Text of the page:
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Investigation of Population Structure in the Rare Amsonia ludoviciana Vail (Louisiana Bluestar; Apocynaceae)
Patrick A. Smallwood, Melissa D. Caspary, and James E. Russell

Southeastern Naturalist, Volume 17, Issue 3 (2018): 456–469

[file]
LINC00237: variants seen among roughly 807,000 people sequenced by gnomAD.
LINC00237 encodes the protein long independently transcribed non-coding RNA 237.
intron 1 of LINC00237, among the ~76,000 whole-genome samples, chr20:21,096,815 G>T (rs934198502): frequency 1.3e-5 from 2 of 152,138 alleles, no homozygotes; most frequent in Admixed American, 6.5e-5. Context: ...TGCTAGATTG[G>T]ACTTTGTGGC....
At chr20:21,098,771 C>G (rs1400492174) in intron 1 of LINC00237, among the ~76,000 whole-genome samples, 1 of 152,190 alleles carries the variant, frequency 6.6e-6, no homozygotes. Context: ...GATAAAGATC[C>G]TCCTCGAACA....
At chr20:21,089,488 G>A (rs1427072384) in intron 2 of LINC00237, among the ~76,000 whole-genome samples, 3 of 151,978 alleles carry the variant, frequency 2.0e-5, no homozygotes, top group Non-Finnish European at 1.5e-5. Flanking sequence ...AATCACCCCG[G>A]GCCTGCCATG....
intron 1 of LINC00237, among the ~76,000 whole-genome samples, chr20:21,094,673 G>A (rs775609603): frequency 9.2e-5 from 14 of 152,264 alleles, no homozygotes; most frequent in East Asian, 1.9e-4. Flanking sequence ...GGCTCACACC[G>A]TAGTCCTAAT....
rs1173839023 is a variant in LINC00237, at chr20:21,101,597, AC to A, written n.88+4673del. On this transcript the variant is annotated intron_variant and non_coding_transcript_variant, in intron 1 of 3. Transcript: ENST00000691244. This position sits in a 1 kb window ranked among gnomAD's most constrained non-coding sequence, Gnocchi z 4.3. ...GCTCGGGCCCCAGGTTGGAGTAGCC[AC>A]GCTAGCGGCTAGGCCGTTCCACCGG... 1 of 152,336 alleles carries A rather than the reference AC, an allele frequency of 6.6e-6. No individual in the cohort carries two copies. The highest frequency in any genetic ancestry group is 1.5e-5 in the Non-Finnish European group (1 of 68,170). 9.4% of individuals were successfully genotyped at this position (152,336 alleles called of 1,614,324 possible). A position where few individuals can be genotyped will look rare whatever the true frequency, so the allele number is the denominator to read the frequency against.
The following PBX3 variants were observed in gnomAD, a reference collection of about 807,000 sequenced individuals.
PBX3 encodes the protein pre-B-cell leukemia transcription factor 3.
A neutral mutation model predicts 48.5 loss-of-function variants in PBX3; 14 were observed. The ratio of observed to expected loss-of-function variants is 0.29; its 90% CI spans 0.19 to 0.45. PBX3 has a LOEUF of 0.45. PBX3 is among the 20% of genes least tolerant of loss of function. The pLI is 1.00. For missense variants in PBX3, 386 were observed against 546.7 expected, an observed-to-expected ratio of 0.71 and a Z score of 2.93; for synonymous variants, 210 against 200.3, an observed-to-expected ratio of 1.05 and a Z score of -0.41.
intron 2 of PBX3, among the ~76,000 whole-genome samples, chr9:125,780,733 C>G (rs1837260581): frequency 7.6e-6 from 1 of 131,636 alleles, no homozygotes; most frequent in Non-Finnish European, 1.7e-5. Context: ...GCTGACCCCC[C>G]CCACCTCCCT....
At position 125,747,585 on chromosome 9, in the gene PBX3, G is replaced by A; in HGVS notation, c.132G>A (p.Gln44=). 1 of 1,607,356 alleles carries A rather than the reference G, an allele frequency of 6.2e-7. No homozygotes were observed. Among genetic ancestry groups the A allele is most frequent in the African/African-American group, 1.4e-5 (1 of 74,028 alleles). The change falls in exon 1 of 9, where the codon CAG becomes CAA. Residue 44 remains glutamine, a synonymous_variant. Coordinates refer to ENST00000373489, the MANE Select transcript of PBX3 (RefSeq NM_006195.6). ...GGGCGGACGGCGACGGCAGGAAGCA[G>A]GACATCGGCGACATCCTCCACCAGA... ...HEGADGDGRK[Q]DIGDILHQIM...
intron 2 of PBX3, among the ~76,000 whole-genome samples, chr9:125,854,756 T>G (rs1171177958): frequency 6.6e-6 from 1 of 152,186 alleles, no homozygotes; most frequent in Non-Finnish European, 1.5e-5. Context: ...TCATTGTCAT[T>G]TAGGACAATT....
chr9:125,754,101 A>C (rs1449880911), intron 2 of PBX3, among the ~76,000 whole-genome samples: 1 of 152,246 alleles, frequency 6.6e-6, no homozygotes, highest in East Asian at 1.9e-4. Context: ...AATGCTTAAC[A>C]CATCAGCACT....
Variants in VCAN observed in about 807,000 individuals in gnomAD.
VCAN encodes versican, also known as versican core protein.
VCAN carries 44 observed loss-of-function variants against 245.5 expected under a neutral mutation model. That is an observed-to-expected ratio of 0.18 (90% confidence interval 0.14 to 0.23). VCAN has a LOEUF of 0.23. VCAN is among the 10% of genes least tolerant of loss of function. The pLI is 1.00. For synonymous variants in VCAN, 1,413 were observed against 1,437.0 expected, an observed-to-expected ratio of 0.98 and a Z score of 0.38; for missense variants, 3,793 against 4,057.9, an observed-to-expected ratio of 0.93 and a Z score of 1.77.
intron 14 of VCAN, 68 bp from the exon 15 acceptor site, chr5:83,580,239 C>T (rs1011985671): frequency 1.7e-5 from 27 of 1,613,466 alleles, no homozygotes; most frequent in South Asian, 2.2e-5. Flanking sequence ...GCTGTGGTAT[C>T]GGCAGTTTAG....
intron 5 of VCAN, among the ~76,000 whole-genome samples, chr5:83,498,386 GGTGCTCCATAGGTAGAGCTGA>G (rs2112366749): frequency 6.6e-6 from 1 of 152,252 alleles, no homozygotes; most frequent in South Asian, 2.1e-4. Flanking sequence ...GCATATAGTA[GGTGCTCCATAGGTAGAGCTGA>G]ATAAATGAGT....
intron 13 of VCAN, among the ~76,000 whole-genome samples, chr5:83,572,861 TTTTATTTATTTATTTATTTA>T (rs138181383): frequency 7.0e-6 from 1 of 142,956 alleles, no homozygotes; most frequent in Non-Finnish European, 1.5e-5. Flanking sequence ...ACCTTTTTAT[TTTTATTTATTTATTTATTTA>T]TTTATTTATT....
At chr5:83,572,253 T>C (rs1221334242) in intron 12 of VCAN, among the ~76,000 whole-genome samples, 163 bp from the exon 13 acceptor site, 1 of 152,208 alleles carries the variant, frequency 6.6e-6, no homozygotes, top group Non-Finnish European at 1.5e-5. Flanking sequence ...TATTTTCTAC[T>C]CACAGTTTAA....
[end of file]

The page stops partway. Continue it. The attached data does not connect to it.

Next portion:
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Southeastern Naturalist P.A. Smallwood, M.D. Caspary, and J.E. Russell 2018 Vol. 17, No. 3 456 2018 SOUTHEASTERN NATURALIST 17(3):456–469 Investigation of Population Structure in the Rare Amsonia ludoviciana Vail (Louisiana Bluestar; Apocynaceae) Patrick A. Smallwood1,*, Melissa D. Caspary2, and James E. Russell2 Abstract - Amsonia ludoviciana (Louisiana Bluestar), in the Apocynaceae family, is a rare herbaceous perennial plant species found in the ecotones of granite rock outcrops of Georgia as well as the pine flatwoods in Louisiana, Mississippi, and Texas. This research focused on using fluorescently tagged primers to amplify polymorphic microsatellite loci as a way to characterize the population genetic structure of the rare Louisiana Bluestar in Georgia. We sampled 6 populations across the Georgia range of Louisiana Bluestar. We employed 8 microsatellite loci to detect variation within and among Louisiana Bluestar populations and to detect patterns in population structure and dispersal. Values of the genetic-diversity estimator Gst suggested that the majority of the sampled populations demonstrated moderate genetic similarity. Further, Geneland software indicated the presence of 3 clusters. From our population genetic analyses, it can also be inferred that there is substantial gene flow between populations of Louisiana Bluestar in the state of Georgia. Introduction Amsonia ludoviciana Vail (Louisiana Bluestar) is a rare herbaceous perennial in the Apocynaceae family known to occur in the shallow soils and open habitat in the ecotones of mafic Lithonia granitic gneiss outcrops of the Piedmont of Georgia (Weakley 2012) and Pinus (pine) flatwoods in Louisiana, Mississippi, and Texas (Doffitt et al. 2014, Lemke 1987, Weakley 2012). In Georgia, rock outcrops are characterized by high solar-irradiance, extreme temperatures, xeric substrates, and an island-like geographic distribution that likely contributes to the radiation of many of the endemic species typical of the habitat (Quarterman et al. 1993, Shure 1999, Wyatt and Allison 2000). Louisiana Bluestar occurs in the ecotone between rock outcrop and forested habitat, growing in the thin soils and diffuse light of the rock margin where water seeps at the rock edge (Allison 2013; Edwards et al. 2013; M.D. Caspary, pers. observ.). Historic occurrences of Louisiana Bluestar are reported in South Carolina, but it is presently only found in Louisiana, Mississippi, Texas, and Georgia (Doffitt et al. 2014, Estill and Cruzan 1999, Weakley 2012). In the state of Georgia, Louisiana Bluestar is known to occur across 33 sites in Dekalb, Rockdale, and Walton counties, excluding historic occurrences documented in Gwinnett County (Fig. 1; Allison 2013, GADNR 2013). All populations within Georgia are located within a 25-km2 cluster. 1Department of Plant Biology, University of Georgia, Miller Plant Sciences Building, Athens, GA 30601. 2School of Science and Technology, Georgia Gwinnett College, 1000 University Center Lane, Lawrenceville, GA 30043. *Corresponding author - Manuscript Editor: Scott Markwith Southeastern Naturalist 457 P.A. Smallwood, M.D. Caspary, and J.E. Russell 2018 Vol. 17, No. 3 The ecotone-associated flora for many outcrops has shifted over time. Fire suppression compounded by exotic plant invasion and anthropogenic impacts are creating a dense understory layer of high competition and low light that discourage establishment and persistence of native outcrop flora (Caspary 2011). Research has shown that narrow endemics, such as the plant species that have specialized on mafic Lithonia gneiss, are particularly vulnerable to extinction and are presently being threatened by adjacent development, conversion to other land-use cover, invasive species, dumping, fire-building, quarrying, recreational impacts, road frontage, vehicular traffic, and grazing by farm animals (Allison 2013, Dury 1974). Most known populations of Louisiana Bluestar are small, from a few plants to tens of individuals (Allison 2013), which may compromise long-term maintenance of genetic variation. Additionally, wind and water are the dominant mechanisms for fruit and seed dispersal on rock outcrops, so dispersal events are typically highly localized around these habitats (Wyatt and Fowler 1977). The Louisiana Bluestar has a pair of long, pubescent, dehiscent follicles (Woodson 1928). Once ripened, the follicle releases its seeds, which are then predominantly gravity dispersed. This fruit type likely leads to a low level of genetic connectivity between populations of Louisiana Bluestar, which could result in inbreeding depression. The island-like geographic distribution and the small size of granite outcrops, may also influence the level of genetic variability within endemic species (MacArthur and Wilson 1967). The pollinator of the species is not known. The blue petals and a 5–9-mm tubular salverform corolla shape (Woodson 1928) indicate a pollination syndrome targeting bees and butterflies. Allison (2013) documented Eurytides marcellus Kramer Figure 1. Map of the range of Amsonia ludoviciana (Louisiana Bluestar) within the state of Georgia. (A) Map of Georgia with the dotted line representing state boarders. (B) Zoomed in map (GADNR 2013). Each square area represents ¼ of a USGS 7.5-minute quadrangle map. Light gray squares indicate 20 years since the last reported sighting of the species, while the dark gray squares have reports of the species presenc e in the last 5 years. Southeastern Naturalist P.A. Smallwood, M.D. Caspary, and J.E. Russell 2018 Vol. 17, No. 3 458 (Zebra Swallowtail) and other butterflies nectaring on the Louisiana Bluestars in Georgia, however it is not known if these plants require a specialist pollinator or rely more heavily on a suite of generalists to serve as vectors for pollen transfer. To our knowledge, the rate of selfing within the species has also never been investigated in this genus, but evidence in related species suggest that selfing rates are expected to be low. Post-zygotic self-incompatibility has been noted within some species in Apocyanaceae, particularly those with evolutionary adaptive traits towards pollen massing (Endress et al. 2007, Wyatt et al. 1998). A previous study investigating microsatellite diversity within a single Apocyanaceae species found observed frequencies of heterozygosity for polymorphic loci ranged from 0.50 to 0.80, except for a single locus which had an observed value of 0.20 (Topinka et al. 2004). This observation may be suggestive of a low rate of selfing when compared to average expected values of plants with a similar life history (gravity dispersed, short lived, eudicot) (Hamrick and Godt 1996). Information about existing threats and population genetic variability of rare plants like Louisiana Bluestar are needed to understand potential long-term survivability of species native to such landscapes and to direct conservation efforts. To this end, the goal of this study was to gain a deeper understanding of genetic diversity and genetic structure within the Georgian populations of the rare Louisiana Bluestar. Methods Plant material collection We selected 6 locations in Rockdale and Walton counties (POP1, POP2, POP3, POP4, POP5, and POP6) as representative study sites across the present-day species range and because these sites had moderate to large, accessible populations of Louisiana Bluestar (10–50 plants). Historically, Louisiana Bluestar was documented in Rockdale, Dekalb, Walton, and Gwinnett counties in Georgia. However, the majority of plants in the present-day distribution are concentrated in Rockdale County, 4 km to the southeast of the historic distribution. All Gwinnett County sites are suspected to be extirpated and the Dekalb County sites are small and were inaccessible at the time of sampling. The distance between sites varied from 2.04 km to 14.60 km. Due to the small size of populations (Table 1), we sampled 12 individuals from each location using 2 medium-sized leaves from each individual. We collected samples during the summer months of 2014. We stored at 4 °C all leaves obtained for DNA extraction until extraction procedures could be carried out. If the extraction procedure was not performed within a month of collection, we stored the sample at -20 °C until the leaves could be processed. DNA extraction We employed the GeneJET Plant Genomic DNA Purification Mini Kit (Thermo Scientific, Waltham, MA) for extraction of genomic DNA (gDNA) from collected leaf material. We followed the provided procedure with the following modifications: liquid nitrogen was not used in the initial grinding of plant material. We placed the leaf sample in a 1.5-ml centrifuge tube, added the provided lysis buffer A Southeastern Naturalist 459 P.A. Smallwood, M.D. Caspary, and J.E. Russell 2018 Vol. 17, No. 3 and lysis buffer B, and ground the sample using the prepared sterilized glass pestle until the solution had taken on a green color. We centrifuged all samples at 17,000 x g during steps 5 and 9 of the DNA-extraction kit protocol. PCR amplification of target microsatellites We selected a total of 8 microsatellite loci (Ake2, Ake3, Ake5, Ake6, Ake7, Ake8, Ake10, and Ake11; see Table 2) due to demonstrated polymorphisms in other Amsonia species (Topinka et al. 2004). We employed PrimeSTAR® HS DNA polymerase (Takara Bio, Mountain View, CA) to perform all PCR reactions. Each reaction contained the following: 1X PrimeSTAR Buffer (5-mM Mg2+), 0.2 mM of each dNTP, 0.2-μM concentration for the respective forward and reverse primers, Table 1. Population sizes of each sampling site (small = less than 15 plants, medium = 15–20 plants, and large = more than 20 plants observed.), observed heterozygosity (Ho), expected heterozygosity (He) (P-value of Ho = He using a 1-sample proportions test (POP1 = 0.121, POP2 = 0.802, POP3 = 0.783, POP4 = 0.091, POP5 = 0.028, POP6 = 0.045), the calculated Fis values with 95% confidence intervals, the total number of private alleles found at each sampling site, the computed allelic richness (Ar) and the 95% confidence interval of Ar of each site, and the effective number of alleles (Ae) along with its standard error. * = 95% confidence interval does not include 0. ** = P-value of a 1-sample proportion test of He = Ho is < 0.05. Population Fis Private Ar Ae Site size Ho He (95% CI) alleles (95% CI) (± SE) POP1 Large 0.479 0.489 0.006 3 3.15 2.217 (-0.203, 0.132) (2.75, 3.50) (± 0.283) POP2 Medium 0.458 0.454 -0.005 4 3.26 2.107 (-0.205, 0.124) (2.75, 3.63) (± 0.254) POP3 Medium 0.464 0.458 0.017 0 3.07 2.096 (-0.181, 0.118) (2.63, 3.38) (± 0.289) POP4 Small 0.552 0.544 0.061 9 4.11 2.453 (-0.278, 0.196) (3.25, 4.75) (± 0.296) POP5 Small 0.300 0.355** 0.129 6 2.66 1.657 (-0.056, 0.234) (2.00, 3.13) (± 0.151) POP6 Large 0.522 0.484** -0.095 8 3.16 2.306 (-0.247, -0.014)* (2.63, 3.63) (± 0.430) Table 2. The number of alleles (Na), effective number of alleles (Nae), the average size of produced amplicons for each study locus, and annealing temperature used. Locus Na Nae Amplicon size (min–max in bp) Annealing temp. (°C) Ake2 9 2.165 (± 0.322) 200–225 56.2 Ake3 6 2.165 (± 0.215) 120–222 56.2 Ake5 7 1.255 (± 0.081) 138–274 60.9 Ake6 10 1.879 (± 0.215) 204–242 60.9 Ake7 10 2.493 (± 0.275) 193–223 60.9 Ake8 8 2.325 (± 0.143) 95–111 56.2 Ake10 10 2.802 (± 0.561) 109–169 60.9 Ake11 7 1.659 (± 0.309) 162–210 56.2 Southeastern Naturalist P.A. Smallwood, M.D. Caspary, and J.E. Russell 2018 Vol. 17, No. 3 460 and 5 μl of template DNA produced from the DNA extraction procedure. We brought the reactions to a final volume of 25 μl through the addition of moleculargrade ddH2O. PCR reactions were performed using the thermocycle protocol of Topinka et al. (2004); however, we changed the annealing temperature to optimize each individual microsatellite reaction (Table 2). Following amplification, we electrophoresed all products on a 2% agarose gel at 90 V for 1.5 h to verify the presence of the desired product. Tagging of PCR products with fluorophores We used the microsatellite amplicons as template DNA for a second PCR procedure, hereafter referred to as the PCR-tagging reaction (PCRtag), in order to generate fluorescently tagged DNA fragments. We diluted the PCR products from the first reaction to a 1:100 concentration using molecular grade ddH2O and used these diluted PCR products as the template DNA in the PCRtag reaction. We carried out PCRtag reactions using the same concentration of reagents as in the original PCR, with the exception of the forward primer. The PCRtag required 2 forward primers: (1) the original forward primer with a tagging sequence attached to the 5' end (5'-CAGGACCAGGCTACCGTG-original primer sequence for target loci-3'; Blacket et al. 2012), and (2) the tagging sequence with 1 of 4 fluorophores—either FAM, VIC, NED, or PET—attached at the 5' end. PCRtag cycle 1 created the attached tagging strand (forward primer 1) that was replicated in cycle 2. The replicated strand was subsequently used as the template strand for the incorporation of the fluorophore (forward “tagging” primer 2) in PCRtag cycle 3. The final concentration of the forward primer was 0.06 μM, whereas the tagging primer was 0.08 μM, allowing a 0.4 tagging primer: 0.3 forward primer: 1 reverse primer-volume ratio to be maintained, as suggested by Blacket et al. (2012). We verified successful amplification through use of a 2% agarose gel using electrophoresis as described above. All fluorescently tagged oligonucleotides were synthesized by Eurofins Genomics (Huntsville, AL). The 2-step PCR reaction methodology employed here was developed by others to lower costs associated with the development process of primers (Culley et al. 2013). The 2-step PCR methodology used with Louisiana Bluestar, however, incorporated the use of the normal, nonfluorophore-containing primers to initially detect non-specific binding of primers to other regions of the genome. We employed this modification to the 2-step PCR amplification used by Culley et al. (2013) due to the observation that when all 3 primers involved in the tagging process were used together, multi-banding resulted from non-specific primer annealing. The use of a normal forward primer, lacking the tagging sequence, allowed the amplification of only the locus of interest. Once we verified the success of the first PCR, the observed non-specific binding could be overcome by the massive number of copies. DNA fragment analysis of amplicons After verification of a successful PCR reaction, both Ake7 and Ake8 amplifications from a respective individual were multiplexed in a 1:1 ratio. The fluorescently tagged Ake2, Ake3, and Ake4 were also multiplexed together; the Ake5, Ake6, Southeastern Naturalist 461 P.A. Smallwood, M.D. Caspary, and J.E. Russell 2018 Vol. 17, No. 3 Ake10, and Ake11 amplicons were multiplexed into a separate sample. We diluted the multiplexed samples by a 1:10 volume ratio using molecular-grade ddH2O. After sample preparation, we added to the Ake 7:Ake 8 multiplex sample a GGF 500 ROX labeled size standard produced by Georgia Genomics Facility (Athens, GA). The remaining multiplex samples had a Gene Scan LIZ 600 standard added, followed by analysis through use of an ABI 3730XL Genetic Analyzer (Thermo- Fisher Scientific, Waltham, MA). To determine the genotype of each individual, we analyzed the produced .FSA files using the open-source program STRand (Toonen and Hughes 2001). Analysis of differentiation and gene flow Once we had determined individual genotypes, we calculated allelic richness (Ar), observed and expected heterozygosity (Ho and He, respectively), inbreeding coefficient (Fis), and genetic differentiation (Gst) in the R package diveRsity (Keenan et al. 2013). We used 9999 bootstraps to determine the 95% confidence interval for Fis and Gst and calculated the effective number of alleles (Ae) for each population, along with standard errors in GenAlEx 6.5 (Peakall and Smouse 2006, 2012). We also employed this program to calculate genetic distances between all pairwise individuals, which we subsequently used in a principal coordinates analysis (PCoA). We conducted a mantel test (GenAlEx) using 9999 permutations to analyze isolation by distance. We examined how populations were clustered using a 100,000-step Markov Chain Monte-Carlo after a burn-in period of 50,000 steps in the R package Geneland (Guillot et al 2012). The following relationship was used to determine the number of individuals migrating between each pairwise set of population (Nm): Gst = 1 / (4Nm + 1) We determined the 95% confidence intervals for Nm estimates by using the above relationship on the upper and lower bounds of the 95% confidence interval for the Gst for the respective pair of populations. We determined the population genetic structure of A. ludoviciana in the program STRUCTURE version 2.3.4 using a burn in of 10,000 steps and 100,000 MCMC steps (Pritchard et al. 2000). We found the optimal number of clusters to be K = 4 through the use of STRUCTURE HARVESTER version 0.6.94 (Earl et al. 2012), which follows the methods of Evanno et al. (2005). The ancestry model used in the analysis was the admixed model with the assumption of independent allele frequency. We employed STRUCTURE PLOT version 2.0 to visualize the resulting Q matrices (Ramasamy et al. 2014). Results Microsatellite diversity The average number of alleles (Na) was 8.36 and the average number of effective alleles (Nae) was 2.139 (± 0.120) across the 8 loci used (Table 2). Expected Southeastern Naturalist P.A. Smallwood, M.D. Caspary, and J.E. Russell 2018 Vol. 17, No. 3 462 heterozygosity (He) varied from 0.355 to 0.544, with population 5 producing the lowest He and population 4 the highest (Table 1). Observed values of Ar fell between 2.66 (95% CI = 2.00–3.13) and 4.11 (95% CI = 3.25–4.75). Fis values varied from -0.095 (95% CI = -0.247 to -0.014) to 0.129 (95% CI = -0.056–0.234), with POP6 the only 95% confidence interval to not include 0. The number of private alleles at each site was 3 for POP1, 4 for POP2, 0 for POP3, 9 for POP4, 6 for POP5, and 8 for POP6. Ae values varied from 1.657 (SE = ±0.151) to 2.453 (SE = ±0.296). All population-level values of Ae (including the range from the standard error) existed within the 95% confidence interval for Ar. Population differentiation and gene flow Values of Gst varied from 0.0450 (95% CI = 0.0212–0.0806) and 0.1817 (95% CI = 0.1262–0.2448) with the global value 0.1918 (95% CI = 0.1615–0.2262), and Nm varied from 1.13 (95% CI = 0.77–1.73) to 5.31 (95% CI = 2.85–11.54) (Table 3). The mantel test revealed a pattern of isolation by distance ( P < 0.0001). We observed no strong clustering in the PCoA (Fig. 2). However, some patterns among populations emerged within the plot. Individuals from POP2, POP3, and POP5 were freely interspersed together in the negative region of principal coordinate analysis (PCA) 1. Individuals from POP1 were in this area as well, though some individuals were also placed on the positive side of PCA 1 intermingled with POP4 and POP6. Points from POP4 were heavily skewed towards the positive side of PCA2. POP4 appears to be the most isolated population, with few individuals from other populations interspersed within the area which POP4 occupies. Points Table 3. Calculated values of Gst (below the diagonal) and the calculated values for Nm, based upon the values of the pairwise Gst (above the diagonal). Numbers within the parentheses are the lower and upper bounds of the 95% confidence interval, respectively. POP1 POP2 POP3 POP4 POP5 POP6 POP1 3.09 5.31 2.78 2.02 4.39 (1.85, 5.72) (2.85, 11.54) (1.63, 5.46) (1.27, 3.38) (2.37, 9.22) POP2 0.0748 3.18 1.69 4.42 1.87 (0.0419, (1.92, 6.19) (1.19, 2.48) (2.29, 11.65) (1.24, 2.83) 0.1193) POP3 0.045 0.0729 2.27 1.56 1.96 (0.0212, (0.0388, (1.48, 3.70) (0.98, 2.59) (1.24, 3.25) 0.0806) 0.1152) POP4 0.0826 0.1289 0.0994 1.13 1.87 (0.0438, (0.0917, (0.0633, (0.77, 1.73) (1.25, 2.93) 0.1330) 0.1734) 0.1449) POP5 0.1102 0.0535 0.1379 0.1817 1.49 (0.0688, (0.0210, (0.0879, (0.1262, (1.00, 2.27) 0.1640) 0.0986) 0.2034) 0.2448) POP6 0.0539 0.1179 0.1132 0.1180 0.1436 (0.0264, (0.0813, (0.0715, (0.0787, (0.0994, 0.0954) 0.1675) 0.1679) 0.1666) 0.1995) Southeastern Naturalist 463 P.A. Smallwood, M.D. Caspary, and J.E. Russell 2018 Vol. 17, No. 3 from POP6 are intermixed with others from POP1, POP3, and a solitary point near the POP4 region. Individuals within POP3 and POP4 were predominantly assigned to the first cluster in the STRUCTURE analysis, with the exception of 2 individuals within POP4 (Fig. 3). These 2 individuals were the only ones that were assigned to the 4th cluster within the data set. STRUCTURE also showed that POP2 and POP5 mostly Figure 3. The plotted results from the STRUCTURE analysis. The bars along the bottom of the figure display which vertical bars are representative of individuals from a given sampling site. The shading of the bars represents which genetic cluster to which STRUCTURE assigned an individual. Individuals can be assigned to multiple genetic clusters, with part of the genotype suggesting one cluster and another part of the genotype suggesting the individual belongs to a different cluster. In total there were 4 clusters which were inferred from the Evanno method. However, 1 cluster only had 2 individuals. Figure 2. Principal coordinate analysis based upon the pairwise genetic distances between all individuals. Principle coordinate 1 described 17.32% of the variation in the data, while principle coordinate 2 described 12.89%. Southeastern Naturalist P.A. Smallwood, M.D. Caspary, and J.E. Russell 2018 Vol. 17, No. 3 464 contained individuals from the same cluster as well. The 2 remaining populations (POP1 and POP6) were not dominated by a single cluster and instead showed a mixed cluster composition. The analysis using Geneland produced 3 separate spatial clusters (Fig. 4). The 3 western populations (POP3, POP6, and POP1) were placed into a single cluster. The eastern POP4 was placed into a singular cluster while the 2 central populations (POP2 and POP5) were clustered together. Figure 4. The generated map of cluster membership using the R package Geneland. Three clusters of populations were inferred form this analysis. The map in panel A shows the inferred boarders of the 3 clusters. Within this map, cluster 1 is the darkest grey, cluster 2 is the medium grey, and cluster 3 is the lightest grey. The remaining maps show the probability that an individual found in a given location is a member of the respective cluster, with panel B representing cluster 1, panel C representing cluster 2, and panel D representing cluster 3. The lighter the color the higher the probability of belonging to that cluster. Lines within these maps show the probability topology. Axis units have been omitted to protect the locations of the sampled populations. Southeastern Naturalist 465 P.A. Smallwood, M.D. Caspary, and J.E. Russell 2018 Vol. 17, No. 3 Discussion When compared to other species that are endemic to the granite outcrops in the Southeastern US, the Louisiana Bluestar displays higher levels of gene flow between populations and higher genetic diversity. Most outcrop species capable of self-pollination have high levels of differentiation, with Fst and Gst values varying from 0.217 to 0.693 and He values of 0.020–0.069 (Koelling et al. 2011, Wyatt 1997, Wyatt et al. 1992). The data presented here for the Louisiana Bluestar, however, seem more in line with the self-incompatible species that occur on outcrop sites, which have Fst and Gst values from 0.077 to 0.235 and He values between 0.142 and 0.681 (Gevaert et al. 2013, Godt and Hamrick 1993). While the mating system for the Louisiana Bluestar is not currently known, this is evidence that there may be a self-incompatibility system present. Louisiana Bluestar produces a follicle, which dehisces to release seed. Seeds dispersed through this method would typically not move far from the maternal plant, thus having little impact on the movement of genes between populations. Populations of the Louisiana Bluestar appear to be much less differentiated when compared to other perennial plants that utilize a gravity seed-dispersal strategy. Such plants have been reported to have an average Gst of 0.248, which is higher than the upper bound of the 95% confidence interval for the Louisiana Bluestar (0.2262; Hamrick and Godt 1996), and which may mean that pollinators are supporting genetic connectivity between populations. Louisiana Bluestar also appears to be more genetically diverse with an estimated He of 0.464, compared to an average estimated He of 0.174 among ecological cohorts (Hamrick and Godt 1996). This finding, along with the high Nm values, is suggestive of notable levels of gene flow between populations. The majority of the loci investigated in this study showed much lower values of Nae in comparison to the number of observed alleles (Na), indicating that there is a high number of rare alleles. This result could be suggestive of a higher level of diversity throughout the species’ range in Georgia because we sampled only 6 exterior populations for this study (Slatkin 1985). Further investigations into the range of alleles at these loci within the populations of Louisiana Bluestar throughout Georgia may be a worthy avenue of future research. There is also the possibility of intragenic hybridization. We observed no co-occurring Amsonia species at these sites, suggesting that this hybridization could only occur through long-distance pollen flow. Eight of the Ake microsatellite loci described by Topinka et al. (2004) appear to be polymorphic within Louisiana Bluestar. Topinka’s 4 remaining Ake loci (Ake1, Ake4, Ake9, and Ake12) either failed to demonstrate polymorphism or failed to amplify. To our knowledge, this is the first study to identify polymorphic microsatellite loci for the Louisiana Bluestar. Interestingly, the Louisiana Bluestar showed a higher number of alleles at the microsatellite loci used within this study than any of the other 6 Amsonia species in which these microsatellites have been examined (Topinka et al. 2004). For these other species, most loci contained 2 to 4 alleles, in comparison to the 6 to 10 alleles observed for Louisiana Bluestar. Southeastern Naturalist P.A. Smallwood, M.D. Caspary, and J.E. Russell 2018 Vol. 17, No. 3 466 While the Evanno method inferred that there were 4 clusters, Geneland only detected 3. It should be noted however that only 2 individuals were actually assigned to the fourth cluster in the STRUCTURE analysis. These individuals could be migrants from one of the populations not surveyed within this study. When these 2 samples are ignored, then both methods are in agreement with only 3 genetic clusters existing. It also appears as though these 3 clusters are split geographically, with a western, eastern, and central cluster. The STRUCTURE plot also suggested that the migration events are coming from the eastern and central clusters to the western ones, and not in the opposite direction. POP1 appears to be the population most involved in interpopulation gene movement, with the highest mean value of Nm. Further, the PCoA analysis also shows that individuals from POP1 are intermingled with individuals from the other populations in ordination space, suggesting there are individuals within this population which are genetically similar to other individuals across all populations. This situation could be the result of migratory pollen coming into this population, which would also explain why it is composed of such a mixture of STRUCTURE-based genetic clusters. Another population that appears to function as a genetic migratory destination is POP6; this may just be a result of the high level of genetic intermixing between geographically proximate POP1 and POP6 (Gst = 0.0539, Nm = 4.39). Our analyses seem to be in disagreement over the interaction between POP3 and POP4. Although the STRUCTURE plot shows that all of the individuals in these 2 populations should be from the same genetic cluster, these are 2 of the more geographically distant populations. Further, both the PCoA and Geneland analyses seem to agree that these 2 populations are genetically dissimilar. The PCoA seems to be in agreement with Geneland and suggests that individuals in POP3 are more similar to POP5. It is also strange that POP3 is more similar to POP4 in the STRUCTURE analysis than it is to the geographically adjacent POP5. Why would such a strong barrier exist between these 2 populations, but allow the more distant populations to be similar to each other? While interspersed populations of Louisiana Bluestar may act as genetic stepping stones between POP3 and POP4, why would they not also allow genetic homogenization between all 3 populations? Overall, there appears to be a high level of diversity and connectivity within the Georgian populations of Louisiana Bluestar. However, throughout the species’ range, there is a marked increase in urbanization and land-use change (Caspary 2011). The question of how the genetic makeup of the Louisiana Bluestar will change with time remains. One of the populations resides a short distance from a neighborhood that was under development and undergoing expansion during the time of collection. Amsonia species are perennial plants; thus, the data presented here are likely more representative of the historic trends than a snapshot of current events. The relative contributions of seed and pollen movement cannot be determined from the data presented here. Chloroplast-DNA data would be useful for future study to determine the relative extent of seed dispersal (Ennos 1994). Southeastern Naturalist 467 P.A. Smallwood, M.D. Caspary, and J.E. Russell 2018 Vol. 17, No. 3 Acknowledgments The authors acknowledge Dr. Fengjie Sun for his expertise and assistance and the Georgia Gwinnett College Seed Fund for supporting this research. We also acknowledge Chris Doffitt, with the Louisiana Heritage Program, and Theo Witsell, with the Arkansas Natural Heritage Commission, for generously sharing plant material for this research. The Georgia Department of Natural Resources, Non-game Conservation Section also provided collection permits and location information for the work to continue. Literature Cited Allison, J.R. 2013. Status of rare plant species on outcrops of Lithonia Gneiss and on granite outcrops in Heard County. Georgia Department of Natural Resources. Social Circle, GA Blacket, M.J., C. Robin, R.T. Good, S.F. Lee, A.D. Millers. 2012. Universal primers for fluorescent labeling of PCR fragments: An efficient and cost-effective approach to genotyping by fluorescence. Molecular Ecology Resources 12:456–463 . Caspary, M. 2011. 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